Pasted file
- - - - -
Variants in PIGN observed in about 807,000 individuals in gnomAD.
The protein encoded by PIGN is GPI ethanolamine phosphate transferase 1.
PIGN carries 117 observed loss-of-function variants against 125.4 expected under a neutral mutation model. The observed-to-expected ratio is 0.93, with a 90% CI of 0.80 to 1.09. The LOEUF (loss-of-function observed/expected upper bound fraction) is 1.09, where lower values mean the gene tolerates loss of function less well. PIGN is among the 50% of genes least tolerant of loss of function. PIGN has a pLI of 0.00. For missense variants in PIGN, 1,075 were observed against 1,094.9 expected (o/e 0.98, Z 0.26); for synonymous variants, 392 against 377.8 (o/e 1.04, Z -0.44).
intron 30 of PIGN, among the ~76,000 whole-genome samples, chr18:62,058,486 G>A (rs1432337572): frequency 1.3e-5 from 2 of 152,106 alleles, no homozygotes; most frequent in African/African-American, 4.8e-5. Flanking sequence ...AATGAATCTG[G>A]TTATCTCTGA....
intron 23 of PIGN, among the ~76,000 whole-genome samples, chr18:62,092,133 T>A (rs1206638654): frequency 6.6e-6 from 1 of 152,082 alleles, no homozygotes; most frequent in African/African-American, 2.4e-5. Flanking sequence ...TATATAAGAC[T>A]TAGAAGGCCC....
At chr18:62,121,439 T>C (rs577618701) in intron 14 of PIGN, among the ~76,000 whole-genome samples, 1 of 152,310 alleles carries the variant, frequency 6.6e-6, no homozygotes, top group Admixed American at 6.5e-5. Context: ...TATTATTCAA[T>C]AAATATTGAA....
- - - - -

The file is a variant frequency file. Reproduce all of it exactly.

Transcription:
Variants in PIGN observed in about 807,000 individuals in gnomAD.
The protein encoded by PIGN is GPI ethanolamine phosphate transferase 1.
PIGN carries 117 observed loss-of-function variants against 125.4 expected under a neutral mutation model. The observed-to-expected ratio is 0.93, with a 90% CI of 0.80 to 1.09. The LOEUF (loss-of-function observed/expected upper bound fraction) is 1.09, where lower values mean the gene tolerates loss of function less well. PIGN is among the 50% of genes least tolerant of loss of function. PIGN has a pLI of 0.00. For missense variants in PIGN, 1,075 were observed against 1,094.9 expected (o/e 0.98, Z 0.26); for synonymous variants, 392 against 377.8 (o/e 1.04, Z -0.44).
intron 30 of PIGN, among the ~76,000 whole-genome samples, chr18:62,058,486 G>A (rs1432337572): frequency 1.3e-5 from 2 of 152,106 alleles, no homozygotes; most frequent in African/African-American, 4.8e-5. Flanking sequence ...AATGAATCTG[G>A]TTATCTCTGA....
intron 23 of PIGN, among the ~76,000 whole-genome samples, chr18:62,092,133 T>A (rs1206638654): frequency 6.6e-6 from 1 of 152,082 alleles, no homozygotes; most frequent in African/African-American, 2.4e-5. Flanking sequence ...TATATAAGAC[T>A]TAGAAGGCCC....
At chr18:62,121,439 T>C (rs577618701) in intron 14 of PIGN, among the ~76,000 whole-genome samples, 1 of 152,310 alleles carries the variant, frequency 6.6e-6, no homozygotes, top group Admixed American at 6.5e-5. Context: ...TATTATTCAA[T>C]AAATATTGAA....